What's the difference between time's up and time's over?

Truth4vahid

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What's the difference between time's up and time's over?
 

GoesStation

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GoesStation

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But in the US, they use both of them. Why is that?
Do you have a source for that? I'm American and have never heard or seen Time's over.
 

probus

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But in the US, they use both of them. Why is that?

I don't think they use both in the USA or anywhere. In my 74 years I have lived in Canada, the USA, India and England, and I've never seen or heard "Time's over."
 
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Truth4vahid

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Thank you all guys. I found out, time's up it means time of something has finished. But time is over, it means it's too late to do something. Am I right?
 

probus

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Nope. Time is over means nothing, as we said above. Slow down and think harder. You'll learn more that way.
 
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emsr2d2

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Thank you all. [STRIKE]guys.[/STRIKE]

I found out no comma here that "time's up" [STRIKE]it[/STRIKE] means that the time of something has finished, but "time is over" no comma here [STRIKE]it[/STRIKE] means it's too late to do something. Am I right?

Note my corrections above.

Please don't refer to us as "guys". We're not all male. As shown in post #2, you need to mark out the phrases you're talking about in some way. The most common way to do this is to enclose them in quotation marks.
 

Truth4vahid

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Note my corrections above.

Please don't refer to us as "guys". We're not all male. As shown in post #2, you need to mark out the phrases you're talking about in some way. The most common way to do this is to enclose them in quotation marks.

Thanks for your correction. I'm learning some notable points. You keep me on the track in this way.
 

Skrej

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Maybe this is a regional US thing, but I was shocked to hear some claim 'time's over' is meaningless. I was about to reply that they can be synonymous. I have definitely seen and used both versions in the context of a timed activity.

I strongly disagree that "time's over" is meaningless or unnatural.
 

probus

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What's your region Skrej?
 

probus

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Note my corrections above.

Please don't refer to us as "guys". We're not all male.

As I've remarked in the past, in current AmE parlance "guys" are both male and female, especially among younger speakers. When I say younger, I am thinking of my daughters, both in their early 40s.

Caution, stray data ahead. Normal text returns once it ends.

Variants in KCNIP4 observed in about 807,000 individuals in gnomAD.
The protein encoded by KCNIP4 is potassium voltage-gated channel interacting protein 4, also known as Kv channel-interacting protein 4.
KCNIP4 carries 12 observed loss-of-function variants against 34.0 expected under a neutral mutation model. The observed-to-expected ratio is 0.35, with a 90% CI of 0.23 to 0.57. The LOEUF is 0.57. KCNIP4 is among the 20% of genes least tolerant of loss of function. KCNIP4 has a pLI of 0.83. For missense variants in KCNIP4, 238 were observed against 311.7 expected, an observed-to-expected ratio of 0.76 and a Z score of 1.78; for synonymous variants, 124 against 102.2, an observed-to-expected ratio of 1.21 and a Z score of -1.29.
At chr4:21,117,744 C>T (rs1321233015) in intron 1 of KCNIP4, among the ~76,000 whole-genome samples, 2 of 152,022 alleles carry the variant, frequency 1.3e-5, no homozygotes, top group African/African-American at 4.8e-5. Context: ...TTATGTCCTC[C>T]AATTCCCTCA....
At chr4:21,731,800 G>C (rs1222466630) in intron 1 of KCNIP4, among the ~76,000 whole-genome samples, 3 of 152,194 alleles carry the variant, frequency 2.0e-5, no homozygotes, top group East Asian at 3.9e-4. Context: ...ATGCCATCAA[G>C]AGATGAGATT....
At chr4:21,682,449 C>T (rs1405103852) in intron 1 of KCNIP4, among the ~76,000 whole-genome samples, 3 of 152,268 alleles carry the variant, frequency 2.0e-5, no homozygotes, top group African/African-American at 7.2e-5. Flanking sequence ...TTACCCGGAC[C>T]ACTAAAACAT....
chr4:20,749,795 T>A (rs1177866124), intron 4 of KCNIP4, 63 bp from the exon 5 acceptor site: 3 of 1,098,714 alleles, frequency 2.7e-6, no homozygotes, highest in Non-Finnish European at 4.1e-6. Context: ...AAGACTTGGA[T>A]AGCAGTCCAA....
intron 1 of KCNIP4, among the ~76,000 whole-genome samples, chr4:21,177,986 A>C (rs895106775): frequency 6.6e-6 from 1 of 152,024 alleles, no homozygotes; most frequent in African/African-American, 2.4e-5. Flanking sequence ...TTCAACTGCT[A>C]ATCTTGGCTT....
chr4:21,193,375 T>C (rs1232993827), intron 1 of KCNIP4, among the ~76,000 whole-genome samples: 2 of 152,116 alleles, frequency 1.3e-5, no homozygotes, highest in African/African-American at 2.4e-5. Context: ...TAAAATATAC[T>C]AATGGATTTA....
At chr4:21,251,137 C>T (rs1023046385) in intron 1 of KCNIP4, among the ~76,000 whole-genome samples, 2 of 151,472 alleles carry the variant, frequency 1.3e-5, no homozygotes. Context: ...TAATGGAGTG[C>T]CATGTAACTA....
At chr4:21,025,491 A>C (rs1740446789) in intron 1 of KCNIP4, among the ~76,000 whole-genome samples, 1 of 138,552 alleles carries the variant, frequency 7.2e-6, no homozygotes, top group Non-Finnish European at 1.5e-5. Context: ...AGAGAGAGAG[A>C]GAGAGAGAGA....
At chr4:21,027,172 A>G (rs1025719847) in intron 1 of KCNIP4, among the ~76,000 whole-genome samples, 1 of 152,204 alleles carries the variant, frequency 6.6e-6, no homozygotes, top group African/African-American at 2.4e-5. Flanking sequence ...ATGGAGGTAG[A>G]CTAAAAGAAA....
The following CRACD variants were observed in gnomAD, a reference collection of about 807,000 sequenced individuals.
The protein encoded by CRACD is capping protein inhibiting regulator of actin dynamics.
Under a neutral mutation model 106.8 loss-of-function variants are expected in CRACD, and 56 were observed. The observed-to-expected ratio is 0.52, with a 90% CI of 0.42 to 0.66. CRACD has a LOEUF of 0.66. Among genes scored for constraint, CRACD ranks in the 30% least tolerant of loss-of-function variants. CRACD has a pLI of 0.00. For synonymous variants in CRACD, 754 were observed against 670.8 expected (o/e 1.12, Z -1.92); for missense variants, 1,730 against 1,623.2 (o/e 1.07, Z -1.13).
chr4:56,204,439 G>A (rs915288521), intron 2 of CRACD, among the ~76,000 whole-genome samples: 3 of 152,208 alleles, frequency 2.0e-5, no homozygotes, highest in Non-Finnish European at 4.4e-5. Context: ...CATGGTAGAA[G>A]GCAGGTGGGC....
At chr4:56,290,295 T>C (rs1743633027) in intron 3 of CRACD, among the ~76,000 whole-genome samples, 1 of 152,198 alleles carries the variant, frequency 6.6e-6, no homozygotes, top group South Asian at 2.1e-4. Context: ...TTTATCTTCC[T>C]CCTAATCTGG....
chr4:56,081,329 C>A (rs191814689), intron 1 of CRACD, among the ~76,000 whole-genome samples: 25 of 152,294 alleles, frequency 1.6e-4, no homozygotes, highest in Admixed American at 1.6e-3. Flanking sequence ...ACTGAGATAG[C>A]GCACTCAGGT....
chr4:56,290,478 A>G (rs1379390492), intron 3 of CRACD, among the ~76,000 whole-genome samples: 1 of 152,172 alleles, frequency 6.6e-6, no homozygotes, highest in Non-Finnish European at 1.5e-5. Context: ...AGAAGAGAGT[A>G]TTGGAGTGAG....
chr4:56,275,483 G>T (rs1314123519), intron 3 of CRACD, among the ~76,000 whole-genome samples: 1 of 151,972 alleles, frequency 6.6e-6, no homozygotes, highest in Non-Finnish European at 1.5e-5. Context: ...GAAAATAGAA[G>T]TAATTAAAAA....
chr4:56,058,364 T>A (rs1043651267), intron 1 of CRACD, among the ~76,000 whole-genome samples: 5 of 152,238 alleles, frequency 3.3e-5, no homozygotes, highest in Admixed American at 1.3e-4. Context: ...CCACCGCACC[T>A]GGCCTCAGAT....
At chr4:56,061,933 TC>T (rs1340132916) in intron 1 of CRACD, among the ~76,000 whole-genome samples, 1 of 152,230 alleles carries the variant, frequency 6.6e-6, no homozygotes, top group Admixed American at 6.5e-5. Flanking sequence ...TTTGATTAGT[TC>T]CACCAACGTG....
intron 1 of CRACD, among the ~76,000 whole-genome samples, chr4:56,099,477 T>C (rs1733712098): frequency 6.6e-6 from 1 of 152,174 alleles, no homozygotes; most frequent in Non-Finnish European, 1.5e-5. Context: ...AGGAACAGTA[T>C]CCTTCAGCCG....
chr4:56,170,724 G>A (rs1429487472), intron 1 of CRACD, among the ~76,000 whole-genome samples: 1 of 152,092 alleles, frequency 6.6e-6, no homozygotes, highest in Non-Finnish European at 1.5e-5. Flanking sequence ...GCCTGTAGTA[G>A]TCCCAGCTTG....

emsr2d2

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As I've remarked in the past, in current AmE parlance "guys" are both male and female, especially among younger speakers. When I say younger, I am thinking of my daughters, both in their early 40s.

I'm aware of that, and I have been known to address a group of my female friends as "guys". I just don't think it's a good idea to encourage learners to use it here. I think it should be used within a group of people who are very familiar with each other and that isn't the case on this forum.
 

jutfrank

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Maybe this is a regional US thing, but I was shocked to hear some claim 'time's over' is meaningless. I was about to reply that they can be synonymous. I have definitely seen and used both versions in the context of a timed activity.

It must be an odd regional thing, then. I guess that to most of us, as to me, it sounds badly wrong. An event (the activity itself, or a lesson) can be 'over', which can include a periodic event (such as a week, or lunchtime, or Christmas) but not 'time' in the sense of a duration.

The following contrast shows what I see as the difference between up and over.

1) When two weeks are up, give me a call. :tick:
2) When two weeks are over, give me a call. :cross:

1 is correct because two weeks is meant as a duration.

3) When your two weeks are over, give me a call. :tick:

3 is also fine, since your two weeks is not meant as a duration, but as a periodic event. This same distinction applies to the use of during (i.e., during two weeks :cross:, but during your two weeks :tick:).

This could mean, of course, that anyone uttering Time's over may simply be conceiving that Time refers to the timed period rather than to the duration, but I don't think that's how most people would conceive of it, which is why I guess some members here would consider it meaningless.
 
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